CHICAGO An ongoing funding battle between
Illinois and its biggest public school system moved to court on
Tuesday with the Chicago Public Schools (CPS) accusing the state
of discriminating against its largely black and Hispanic student
The lawsuit, filed in Cook County Circuit Court, uses the
state’s Civil Rights Act to seek to invalidate Illinois’ school
“Chicago students, who are overwhelmingly students of color,
are learning in a separate but unequal system,” CPS CEO Forrest
Claypool said in a statement. “The message from the state is
that their educations matter less than children in the rest of
Illinois, and that is both morally and legally indefensible.”
Claypool and other CPS officials have been critical of a
move last year by Republican Governor Bruce Rauner to veto a
bill that would have provided the district with $215 million in
state money for pensions. The move punched a hole
in the district’s already shaky budget, leading to spending cuts
and unpaid furlough days for teachers.
The nation’s third-largest public school system is
struggling with pension payments that will jump to $733 million
this fiscal year from $676 million in fiscal 2016, as well as
drained reserves and debt dependency. The fiscal woes have
pushed its general obligation credit ratings deep into the junk
category and led investors to demand fat yields for its debt.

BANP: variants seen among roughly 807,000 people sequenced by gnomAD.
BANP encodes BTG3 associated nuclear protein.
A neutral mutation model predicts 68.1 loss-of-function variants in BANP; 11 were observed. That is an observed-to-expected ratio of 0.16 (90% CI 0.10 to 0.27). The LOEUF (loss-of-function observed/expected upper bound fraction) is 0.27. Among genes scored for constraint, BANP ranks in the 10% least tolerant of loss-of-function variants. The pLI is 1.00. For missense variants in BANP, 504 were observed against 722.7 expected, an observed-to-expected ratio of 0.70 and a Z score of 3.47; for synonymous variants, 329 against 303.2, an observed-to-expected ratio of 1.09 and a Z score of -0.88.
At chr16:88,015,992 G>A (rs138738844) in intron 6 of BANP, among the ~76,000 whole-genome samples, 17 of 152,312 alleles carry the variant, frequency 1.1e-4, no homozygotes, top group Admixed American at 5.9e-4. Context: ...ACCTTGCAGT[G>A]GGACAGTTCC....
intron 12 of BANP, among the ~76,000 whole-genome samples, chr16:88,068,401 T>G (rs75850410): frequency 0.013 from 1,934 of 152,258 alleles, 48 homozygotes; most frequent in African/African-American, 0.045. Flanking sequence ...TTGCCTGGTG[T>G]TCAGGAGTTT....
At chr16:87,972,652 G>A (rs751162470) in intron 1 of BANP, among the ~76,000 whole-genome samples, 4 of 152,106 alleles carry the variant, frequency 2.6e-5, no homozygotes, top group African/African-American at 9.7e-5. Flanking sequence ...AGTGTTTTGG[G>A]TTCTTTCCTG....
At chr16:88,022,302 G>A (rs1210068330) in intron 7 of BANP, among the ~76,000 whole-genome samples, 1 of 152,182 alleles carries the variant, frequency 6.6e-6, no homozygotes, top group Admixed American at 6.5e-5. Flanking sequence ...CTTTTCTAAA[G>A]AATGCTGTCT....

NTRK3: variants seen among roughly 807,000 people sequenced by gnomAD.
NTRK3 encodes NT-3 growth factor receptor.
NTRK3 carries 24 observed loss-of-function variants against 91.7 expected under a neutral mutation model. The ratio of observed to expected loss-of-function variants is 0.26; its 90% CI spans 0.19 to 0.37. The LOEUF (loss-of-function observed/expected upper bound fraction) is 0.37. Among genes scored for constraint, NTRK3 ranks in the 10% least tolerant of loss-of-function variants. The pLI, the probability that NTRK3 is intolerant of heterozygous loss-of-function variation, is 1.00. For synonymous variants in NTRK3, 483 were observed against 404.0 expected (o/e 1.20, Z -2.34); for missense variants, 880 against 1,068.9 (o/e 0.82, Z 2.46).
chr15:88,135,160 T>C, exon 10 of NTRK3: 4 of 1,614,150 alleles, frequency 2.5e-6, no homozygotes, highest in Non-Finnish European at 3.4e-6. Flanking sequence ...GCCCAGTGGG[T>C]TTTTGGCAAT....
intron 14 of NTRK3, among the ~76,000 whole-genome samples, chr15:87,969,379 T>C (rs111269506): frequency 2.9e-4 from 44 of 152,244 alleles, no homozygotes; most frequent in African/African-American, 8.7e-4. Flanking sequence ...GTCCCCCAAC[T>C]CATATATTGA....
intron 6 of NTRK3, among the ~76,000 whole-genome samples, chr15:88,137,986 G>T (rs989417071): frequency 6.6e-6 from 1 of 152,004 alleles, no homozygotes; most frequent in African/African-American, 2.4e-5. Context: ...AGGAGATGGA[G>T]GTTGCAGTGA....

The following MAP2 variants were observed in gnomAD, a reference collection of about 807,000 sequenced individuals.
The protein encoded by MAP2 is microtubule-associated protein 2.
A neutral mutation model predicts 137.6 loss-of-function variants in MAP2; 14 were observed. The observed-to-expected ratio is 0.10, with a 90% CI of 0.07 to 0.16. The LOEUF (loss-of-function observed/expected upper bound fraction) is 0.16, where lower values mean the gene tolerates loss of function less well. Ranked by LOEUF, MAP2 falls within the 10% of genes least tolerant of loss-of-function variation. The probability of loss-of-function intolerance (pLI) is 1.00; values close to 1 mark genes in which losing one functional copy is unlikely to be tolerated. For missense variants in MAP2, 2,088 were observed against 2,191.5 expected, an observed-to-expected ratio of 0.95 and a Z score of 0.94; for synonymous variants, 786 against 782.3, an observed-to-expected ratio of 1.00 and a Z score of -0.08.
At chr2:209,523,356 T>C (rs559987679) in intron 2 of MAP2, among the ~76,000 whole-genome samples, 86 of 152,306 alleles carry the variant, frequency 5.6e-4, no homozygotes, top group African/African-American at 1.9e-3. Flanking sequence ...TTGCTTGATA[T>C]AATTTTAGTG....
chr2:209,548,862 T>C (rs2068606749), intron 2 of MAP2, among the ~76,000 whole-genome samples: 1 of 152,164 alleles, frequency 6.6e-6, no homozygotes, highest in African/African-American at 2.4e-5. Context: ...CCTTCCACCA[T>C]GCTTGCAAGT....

CPS has also railed against the fact that it maintains and
funds its own teachers’ pension system, while districts in the
rest of Illinois are in a state-wide retirement fund that is
heavily subsidized by the state.
The lawsuit comes on the heels of a recent attempt to revamp
the way Illinois funds schools and the willingness by state
Senate leaders to include a new funding formula in a bill
package to end the state’s nearly 20-month budget impasse.
Since the 1960s, six attempts have been made before the
Illinois Supreme Court to challenge inadequate school funding.
In most instances, the cases contended disparities between
wealthy and poor school systems created unequal learning
opportunities for students.
None of the legal challenges succeeded, with the state high
court in at least three cases determining lawmakers should
decide what represented adequate funding, not the judiciary.
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